Three alternatives, including the status quo, were considered for the commercial red snapper minimum size limit. The first alternative to the proposed action, the status quo, would be expected to result in continued unnecessary bycatch mortality and would not, therefore, meet the Council's objectives. The proposed 13-inch (33-cm) minimum size limit in the commercial sector would be expected to result in decreased economic impacts to the fishery and associated industries due to anticipated increases in the operational efficiency of commercial vessels and a potential price premium for smaller fish. The third alternative would eliminate the commercial minimum size limit. Eliminating the commercial size limit would exacerbate user conflicts between the commercial and recreational sectors since the recreational sector would have a 16-inch (41-cm) minimum size limit, while the commercial sector would not have any minimum size limit. Further, since no commercial market is known to exist for red snapper smaller than 12 inches (30 cm), no additional benefits would be expected to accrue to the commercial sector, and total economic impacts to the commercial sector would be expected to be comparable to those of the proposed action.
Three alternatives, including the status quo, were considered for the gear requirement action. The two alternatives encompassing gear requirements contained options that specified the fisheries over which the requirements would apply. The proposed action would require the use of non-stainless steel circle hooks when using natural baits, and require the use of venting tools and dehooking devices from all participants in the reef fish fisheries of the Gulf of Mexico. By reducing bycatch and bycatch mortality in the red snapper and reef fish fisheries, the proposed action would contribute to improving the likelihood of success of the red snapper rebuilding plan and is expected to result in long-term net economic benefits. The sub-options that reduced the fisheries to which the proposed gear requirements would apply would be expected to result in less reduction in bycatch mortality and long-term economic benefits than the proposed rule. However, in general, however, little economic impact is anticipated because of the already widespread use of circle hooks and the fact that venting/dehooking devices are relatively inexpensive (less than $15 each).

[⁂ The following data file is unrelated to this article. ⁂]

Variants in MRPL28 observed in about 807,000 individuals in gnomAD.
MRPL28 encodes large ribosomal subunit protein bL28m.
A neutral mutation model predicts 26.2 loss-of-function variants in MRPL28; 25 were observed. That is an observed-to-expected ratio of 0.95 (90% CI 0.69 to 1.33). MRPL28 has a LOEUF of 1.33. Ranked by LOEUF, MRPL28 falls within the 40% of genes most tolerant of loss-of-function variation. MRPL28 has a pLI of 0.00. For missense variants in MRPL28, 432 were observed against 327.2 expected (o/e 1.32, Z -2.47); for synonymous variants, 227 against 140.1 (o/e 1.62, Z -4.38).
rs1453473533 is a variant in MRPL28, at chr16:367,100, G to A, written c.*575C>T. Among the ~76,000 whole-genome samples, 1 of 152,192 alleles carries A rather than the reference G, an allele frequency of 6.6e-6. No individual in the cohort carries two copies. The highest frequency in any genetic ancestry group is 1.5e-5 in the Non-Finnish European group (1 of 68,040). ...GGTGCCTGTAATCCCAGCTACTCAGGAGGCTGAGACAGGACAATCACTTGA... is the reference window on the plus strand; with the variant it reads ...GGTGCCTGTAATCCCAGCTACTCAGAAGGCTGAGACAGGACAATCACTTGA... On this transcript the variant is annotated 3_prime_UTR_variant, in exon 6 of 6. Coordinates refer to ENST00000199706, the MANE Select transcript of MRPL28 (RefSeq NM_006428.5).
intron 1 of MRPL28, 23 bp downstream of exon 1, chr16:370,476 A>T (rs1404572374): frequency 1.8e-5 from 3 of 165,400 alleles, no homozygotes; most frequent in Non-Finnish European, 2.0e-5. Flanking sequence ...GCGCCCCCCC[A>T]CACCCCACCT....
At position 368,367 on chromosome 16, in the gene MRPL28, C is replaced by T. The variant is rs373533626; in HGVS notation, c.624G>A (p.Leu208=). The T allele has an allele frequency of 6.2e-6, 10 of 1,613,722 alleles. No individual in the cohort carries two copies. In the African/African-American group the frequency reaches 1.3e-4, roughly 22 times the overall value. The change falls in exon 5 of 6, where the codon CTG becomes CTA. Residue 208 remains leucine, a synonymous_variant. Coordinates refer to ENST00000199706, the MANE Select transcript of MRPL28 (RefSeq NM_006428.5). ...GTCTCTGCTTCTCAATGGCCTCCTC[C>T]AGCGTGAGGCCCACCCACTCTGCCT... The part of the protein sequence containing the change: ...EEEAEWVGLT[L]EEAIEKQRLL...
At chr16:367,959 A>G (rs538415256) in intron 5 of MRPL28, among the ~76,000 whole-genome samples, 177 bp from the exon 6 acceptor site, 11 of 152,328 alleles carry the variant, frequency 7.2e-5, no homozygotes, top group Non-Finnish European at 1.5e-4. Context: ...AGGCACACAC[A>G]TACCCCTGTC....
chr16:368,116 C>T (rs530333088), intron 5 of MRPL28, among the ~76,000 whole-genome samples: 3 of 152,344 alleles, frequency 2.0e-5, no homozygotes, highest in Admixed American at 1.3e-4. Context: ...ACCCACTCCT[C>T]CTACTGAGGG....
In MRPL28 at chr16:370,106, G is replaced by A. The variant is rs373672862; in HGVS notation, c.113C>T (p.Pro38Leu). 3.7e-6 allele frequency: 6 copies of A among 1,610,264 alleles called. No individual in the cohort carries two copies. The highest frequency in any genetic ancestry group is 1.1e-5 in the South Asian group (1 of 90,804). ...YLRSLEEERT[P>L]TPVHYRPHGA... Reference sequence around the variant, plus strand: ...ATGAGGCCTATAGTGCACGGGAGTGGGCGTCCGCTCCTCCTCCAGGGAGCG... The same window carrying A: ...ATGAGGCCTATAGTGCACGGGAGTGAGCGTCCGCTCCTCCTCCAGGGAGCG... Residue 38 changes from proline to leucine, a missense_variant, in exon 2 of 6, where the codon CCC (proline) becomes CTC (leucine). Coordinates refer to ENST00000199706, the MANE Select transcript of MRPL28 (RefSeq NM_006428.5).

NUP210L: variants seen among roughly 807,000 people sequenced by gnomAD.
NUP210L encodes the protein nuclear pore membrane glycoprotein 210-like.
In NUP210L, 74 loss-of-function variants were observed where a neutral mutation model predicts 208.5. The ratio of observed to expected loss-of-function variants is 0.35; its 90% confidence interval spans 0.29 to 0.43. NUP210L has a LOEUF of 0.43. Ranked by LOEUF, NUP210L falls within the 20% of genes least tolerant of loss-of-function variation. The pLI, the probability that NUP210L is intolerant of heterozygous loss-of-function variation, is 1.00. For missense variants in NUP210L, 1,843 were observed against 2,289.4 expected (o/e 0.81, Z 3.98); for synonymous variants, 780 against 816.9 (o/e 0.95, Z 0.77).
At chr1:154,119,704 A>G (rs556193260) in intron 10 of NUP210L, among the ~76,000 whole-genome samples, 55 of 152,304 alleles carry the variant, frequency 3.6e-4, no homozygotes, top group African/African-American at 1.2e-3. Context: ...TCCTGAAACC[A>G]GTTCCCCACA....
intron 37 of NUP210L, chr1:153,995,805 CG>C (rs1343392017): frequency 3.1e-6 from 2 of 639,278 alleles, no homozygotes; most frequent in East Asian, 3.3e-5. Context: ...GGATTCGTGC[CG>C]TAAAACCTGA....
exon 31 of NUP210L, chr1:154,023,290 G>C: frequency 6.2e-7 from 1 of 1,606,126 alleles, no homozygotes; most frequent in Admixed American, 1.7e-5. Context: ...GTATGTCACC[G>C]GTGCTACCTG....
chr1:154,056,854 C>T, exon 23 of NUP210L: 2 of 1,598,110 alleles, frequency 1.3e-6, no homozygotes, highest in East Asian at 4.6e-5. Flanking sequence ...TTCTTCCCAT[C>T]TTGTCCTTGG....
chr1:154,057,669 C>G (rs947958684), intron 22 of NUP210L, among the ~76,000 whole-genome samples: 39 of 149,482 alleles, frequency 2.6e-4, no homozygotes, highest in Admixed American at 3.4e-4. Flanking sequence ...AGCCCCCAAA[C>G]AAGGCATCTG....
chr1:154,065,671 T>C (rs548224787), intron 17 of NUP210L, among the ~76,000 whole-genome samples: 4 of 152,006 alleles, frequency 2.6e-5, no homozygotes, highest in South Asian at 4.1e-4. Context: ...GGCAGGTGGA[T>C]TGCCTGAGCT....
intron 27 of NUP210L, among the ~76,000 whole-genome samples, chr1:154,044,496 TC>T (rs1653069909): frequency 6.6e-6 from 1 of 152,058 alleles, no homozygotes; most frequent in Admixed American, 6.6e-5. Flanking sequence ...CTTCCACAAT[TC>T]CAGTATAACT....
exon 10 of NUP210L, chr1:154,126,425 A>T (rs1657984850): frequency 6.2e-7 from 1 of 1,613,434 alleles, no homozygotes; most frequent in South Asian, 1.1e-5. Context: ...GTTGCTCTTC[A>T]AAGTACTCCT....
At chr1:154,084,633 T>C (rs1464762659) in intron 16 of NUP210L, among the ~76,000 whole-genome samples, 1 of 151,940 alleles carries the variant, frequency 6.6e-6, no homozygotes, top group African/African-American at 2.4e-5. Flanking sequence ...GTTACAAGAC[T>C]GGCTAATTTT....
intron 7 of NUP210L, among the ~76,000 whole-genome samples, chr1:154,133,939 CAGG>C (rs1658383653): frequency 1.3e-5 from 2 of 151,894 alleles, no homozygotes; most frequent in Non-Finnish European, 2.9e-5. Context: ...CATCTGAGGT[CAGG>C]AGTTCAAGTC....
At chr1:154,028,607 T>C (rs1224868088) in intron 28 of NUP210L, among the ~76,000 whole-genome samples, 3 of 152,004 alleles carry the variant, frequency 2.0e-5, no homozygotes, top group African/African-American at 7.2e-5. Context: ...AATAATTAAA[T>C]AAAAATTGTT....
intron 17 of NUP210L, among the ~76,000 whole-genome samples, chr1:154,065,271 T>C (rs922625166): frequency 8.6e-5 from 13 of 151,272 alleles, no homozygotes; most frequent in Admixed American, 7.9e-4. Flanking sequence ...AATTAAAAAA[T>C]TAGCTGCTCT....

The first alternative to the proposed gear action would not impose any new gear requirements on fishermen and would not, in the short term, result in any direct adverse economic impacts. However, this alternative would not contribute to improving the likelihood of success of the red snapper rebuilding plan. Relative to the proposed action, this alternative could result in more severe restrictions on fishery Start Printed Page 59996participants in the long run and, thus, generate greater adverse economic impacts.
The second alternative and associated fishery sub-options to the proposed gear action would specify only a minimum hook size. Compared to the proposed action, this alternative would be less effective in reducing bycatch and bycatch mortality. As a result, in the long run, it would be expected to result in smaller economic benefits than the proposed action.